UK - In a review of its investment strategy, the £2.3bn Boots Pension Scheme has moved all its assets from equities into bonds.
Scheme chairman John Watson said the move results from a number of factors: the continuing fall in inflation and interest rates; a declining UK stock market; the abolishment of the Minimum Funding Requirement (MFR); and the introduction of FRS 17 legislation. These factors prompted a review of the investment strategy in order to achieve a more conservative asset match for the scheme’s pension liabilities.
Over a period of 15 months to July 2001, all the equities in the fund have been sold and all assets moved into long-dated sterling bonds.
Watson said the restructuring of the scheme’s assets is good for members and significantly increases their security. “Our aim is to ensure that the value of fund assets is always enough to pay all pensions, regardless of movements in financial markets,” he said.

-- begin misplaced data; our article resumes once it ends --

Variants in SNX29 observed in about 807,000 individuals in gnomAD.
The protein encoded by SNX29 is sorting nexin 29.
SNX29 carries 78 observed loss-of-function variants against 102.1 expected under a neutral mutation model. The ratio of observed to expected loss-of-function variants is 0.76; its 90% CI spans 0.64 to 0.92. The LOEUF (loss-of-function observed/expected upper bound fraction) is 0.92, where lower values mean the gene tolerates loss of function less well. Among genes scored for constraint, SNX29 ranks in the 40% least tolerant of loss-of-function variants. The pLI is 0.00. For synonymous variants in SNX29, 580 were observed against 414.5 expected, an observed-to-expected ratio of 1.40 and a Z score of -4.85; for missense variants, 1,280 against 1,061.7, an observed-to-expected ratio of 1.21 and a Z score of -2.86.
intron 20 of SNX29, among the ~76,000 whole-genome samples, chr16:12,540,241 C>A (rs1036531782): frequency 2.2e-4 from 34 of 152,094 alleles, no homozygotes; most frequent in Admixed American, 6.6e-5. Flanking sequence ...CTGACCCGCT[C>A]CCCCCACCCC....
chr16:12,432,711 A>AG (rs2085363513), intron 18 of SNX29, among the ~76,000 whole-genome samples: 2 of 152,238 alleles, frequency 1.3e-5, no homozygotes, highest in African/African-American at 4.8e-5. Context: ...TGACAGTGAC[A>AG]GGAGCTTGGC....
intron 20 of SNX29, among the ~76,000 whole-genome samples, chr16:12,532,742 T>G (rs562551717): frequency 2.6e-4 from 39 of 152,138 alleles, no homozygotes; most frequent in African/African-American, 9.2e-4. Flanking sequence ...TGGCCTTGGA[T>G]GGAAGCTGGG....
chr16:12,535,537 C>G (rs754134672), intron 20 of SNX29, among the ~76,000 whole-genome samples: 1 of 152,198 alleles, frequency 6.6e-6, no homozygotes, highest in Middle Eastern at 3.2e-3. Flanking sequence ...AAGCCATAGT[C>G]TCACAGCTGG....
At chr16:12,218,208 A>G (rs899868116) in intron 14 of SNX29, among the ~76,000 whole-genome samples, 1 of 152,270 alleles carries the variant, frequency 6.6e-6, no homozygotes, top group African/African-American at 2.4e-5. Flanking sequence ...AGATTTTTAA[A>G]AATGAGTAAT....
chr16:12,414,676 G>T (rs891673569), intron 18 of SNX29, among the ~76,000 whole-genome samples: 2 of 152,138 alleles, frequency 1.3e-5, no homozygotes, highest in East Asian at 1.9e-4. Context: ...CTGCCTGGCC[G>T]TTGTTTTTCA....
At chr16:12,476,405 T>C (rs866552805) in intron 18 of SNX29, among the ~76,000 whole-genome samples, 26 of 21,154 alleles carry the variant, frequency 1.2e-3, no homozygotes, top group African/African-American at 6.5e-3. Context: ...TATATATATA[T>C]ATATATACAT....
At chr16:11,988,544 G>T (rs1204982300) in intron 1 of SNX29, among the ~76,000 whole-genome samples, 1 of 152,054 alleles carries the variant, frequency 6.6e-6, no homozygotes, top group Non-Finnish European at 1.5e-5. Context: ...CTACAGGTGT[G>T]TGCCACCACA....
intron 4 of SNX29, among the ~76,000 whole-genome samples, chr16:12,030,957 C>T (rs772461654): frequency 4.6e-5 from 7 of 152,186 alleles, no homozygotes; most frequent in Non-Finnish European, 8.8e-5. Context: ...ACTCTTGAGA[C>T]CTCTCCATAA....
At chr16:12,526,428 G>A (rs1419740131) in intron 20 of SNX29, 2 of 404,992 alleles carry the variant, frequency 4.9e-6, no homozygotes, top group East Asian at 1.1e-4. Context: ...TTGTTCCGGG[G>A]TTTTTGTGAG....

Watson said in the event of any movements in financial markets, the value of assets in equities would not ensure enough to pay all pensions. He added that the management charges and dealing costs, following the switch to bonds, have been reduced to £0.25m per annum from about £10m per annum.
Watson explained that the matched bonds move fell closely in line with the value of pension liabilities, drastically reducing the risk of a deficit.
Consultants William M Mercer gave independent actuarial and investment advice to the trustees on this change in strategy. Legal & General Investment Management sold the old assets and bought the new bonds on behalf of the fund. The scheme sold equities and bought long-dated AAA sovereign bonds, including 25% inflation-linked, from such issuers as the World Bank and European Investment Bank.
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